Black and Hispanic patients are less likely to undergo guideline-recommended imaging at diagnosis of non-small cell lung cancer, according to a study recently published in the Journal of the National Cancer Institute.
Rustain L. Morgan, M.D., from the University of Colorado in Denver, and colleagues used the Surveillance, Epidemiology, and End Results-Medicare database (2007 to 2015) to compare initial imaging modalities for patients with lung cancer. The analysis included 28,881 non-Hispanic White, 3,123 Black, and 1,907 Hispanic patients (aged, ≥66 years) who were enrolled in Medicare fee-for-service.
The researchers found that after adjusting for demographic, community, and facility characteristics, Black patients were less likely to undergo positron emission tomography/computed tomography (PET/CT) imaging at diagnosis compared with non-Hispanic White patients (odds ratio, 0.54). Similar findings were seen for Hispanic patients (odds ratio, 0.72). Survival was significantly improved with PET/CT imaging (hazard ratio, 0.61).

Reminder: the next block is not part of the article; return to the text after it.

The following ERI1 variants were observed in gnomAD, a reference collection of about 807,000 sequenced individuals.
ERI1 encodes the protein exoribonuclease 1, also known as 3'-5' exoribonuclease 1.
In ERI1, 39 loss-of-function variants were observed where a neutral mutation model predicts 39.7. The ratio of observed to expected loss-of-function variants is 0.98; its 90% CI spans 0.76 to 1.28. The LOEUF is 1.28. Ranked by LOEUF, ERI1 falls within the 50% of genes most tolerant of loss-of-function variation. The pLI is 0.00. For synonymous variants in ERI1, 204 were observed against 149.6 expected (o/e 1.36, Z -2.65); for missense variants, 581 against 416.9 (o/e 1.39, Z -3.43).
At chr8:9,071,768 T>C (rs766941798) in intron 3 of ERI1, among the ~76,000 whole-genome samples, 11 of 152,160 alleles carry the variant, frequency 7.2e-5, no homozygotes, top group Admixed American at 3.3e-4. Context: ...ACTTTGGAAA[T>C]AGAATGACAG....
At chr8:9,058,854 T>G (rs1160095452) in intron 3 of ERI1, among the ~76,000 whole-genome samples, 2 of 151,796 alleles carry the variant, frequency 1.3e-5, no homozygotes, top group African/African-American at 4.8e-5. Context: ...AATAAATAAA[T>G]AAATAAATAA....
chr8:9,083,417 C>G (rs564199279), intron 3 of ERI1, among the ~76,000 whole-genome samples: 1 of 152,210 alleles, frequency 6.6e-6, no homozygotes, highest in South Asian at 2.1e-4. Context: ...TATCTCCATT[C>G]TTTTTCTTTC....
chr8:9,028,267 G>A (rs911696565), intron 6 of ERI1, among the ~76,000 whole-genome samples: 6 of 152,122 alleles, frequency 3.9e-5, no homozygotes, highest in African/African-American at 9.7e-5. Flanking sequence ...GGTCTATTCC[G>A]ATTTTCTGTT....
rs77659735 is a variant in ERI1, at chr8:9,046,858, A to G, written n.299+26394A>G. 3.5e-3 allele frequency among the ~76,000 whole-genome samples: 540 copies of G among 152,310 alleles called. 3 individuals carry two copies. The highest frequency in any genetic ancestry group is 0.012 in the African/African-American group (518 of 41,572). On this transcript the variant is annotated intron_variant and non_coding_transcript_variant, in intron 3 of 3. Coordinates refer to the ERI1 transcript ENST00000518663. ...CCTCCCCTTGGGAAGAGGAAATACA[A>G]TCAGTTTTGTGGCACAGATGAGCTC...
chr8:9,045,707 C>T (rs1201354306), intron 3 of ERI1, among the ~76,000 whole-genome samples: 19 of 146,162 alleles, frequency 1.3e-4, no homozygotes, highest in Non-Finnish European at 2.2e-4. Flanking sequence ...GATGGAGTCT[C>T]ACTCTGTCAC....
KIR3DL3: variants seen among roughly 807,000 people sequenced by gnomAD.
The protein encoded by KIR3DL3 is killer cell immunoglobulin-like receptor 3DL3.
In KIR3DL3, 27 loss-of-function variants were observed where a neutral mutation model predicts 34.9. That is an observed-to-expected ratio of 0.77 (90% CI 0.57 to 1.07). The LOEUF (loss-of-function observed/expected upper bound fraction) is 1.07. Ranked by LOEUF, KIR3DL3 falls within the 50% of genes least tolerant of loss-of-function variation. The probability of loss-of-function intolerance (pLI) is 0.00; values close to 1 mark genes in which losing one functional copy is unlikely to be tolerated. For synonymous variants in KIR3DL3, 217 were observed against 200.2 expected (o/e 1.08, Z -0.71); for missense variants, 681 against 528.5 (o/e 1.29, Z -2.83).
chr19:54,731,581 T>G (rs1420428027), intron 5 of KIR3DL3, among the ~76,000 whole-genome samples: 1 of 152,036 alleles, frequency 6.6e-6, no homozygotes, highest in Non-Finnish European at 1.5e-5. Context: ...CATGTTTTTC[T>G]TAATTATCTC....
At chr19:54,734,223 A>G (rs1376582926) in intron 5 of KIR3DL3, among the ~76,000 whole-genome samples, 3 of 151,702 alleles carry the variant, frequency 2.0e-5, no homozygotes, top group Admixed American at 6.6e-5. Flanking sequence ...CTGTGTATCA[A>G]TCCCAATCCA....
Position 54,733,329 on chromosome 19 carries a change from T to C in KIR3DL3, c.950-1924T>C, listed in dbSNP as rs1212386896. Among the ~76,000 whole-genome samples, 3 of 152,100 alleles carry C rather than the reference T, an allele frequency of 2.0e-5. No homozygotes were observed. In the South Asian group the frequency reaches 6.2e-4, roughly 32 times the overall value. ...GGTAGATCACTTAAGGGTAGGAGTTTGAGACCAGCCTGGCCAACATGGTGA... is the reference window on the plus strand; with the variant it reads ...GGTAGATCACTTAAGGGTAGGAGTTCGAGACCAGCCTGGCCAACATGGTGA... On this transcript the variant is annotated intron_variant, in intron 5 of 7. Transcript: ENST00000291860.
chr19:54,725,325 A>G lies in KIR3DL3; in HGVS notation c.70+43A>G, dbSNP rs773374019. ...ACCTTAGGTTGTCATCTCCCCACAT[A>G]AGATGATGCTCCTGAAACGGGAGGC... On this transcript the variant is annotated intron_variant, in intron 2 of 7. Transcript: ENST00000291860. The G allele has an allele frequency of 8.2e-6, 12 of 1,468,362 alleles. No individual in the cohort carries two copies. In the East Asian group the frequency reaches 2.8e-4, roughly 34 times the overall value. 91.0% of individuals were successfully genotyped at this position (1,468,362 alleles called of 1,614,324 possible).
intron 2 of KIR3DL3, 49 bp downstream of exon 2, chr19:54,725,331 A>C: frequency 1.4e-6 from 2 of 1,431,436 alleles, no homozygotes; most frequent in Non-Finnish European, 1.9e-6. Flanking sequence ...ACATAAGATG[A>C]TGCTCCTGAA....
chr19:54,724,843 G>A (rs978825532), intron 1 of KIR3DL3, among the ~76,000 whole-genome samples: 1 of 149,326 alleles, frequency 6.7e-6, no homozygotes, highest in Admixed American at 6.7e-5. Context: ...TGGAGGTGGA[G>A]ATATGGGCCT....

“If African-Americans and Hispanics aren’t getting the best imaging, this could be a piece of the puzzle explaining why these patients with lung cancer tend to have worse outcomes than White patients,” Morgan said in a statement.
One author disclosed financial ties to AstraZeneca.
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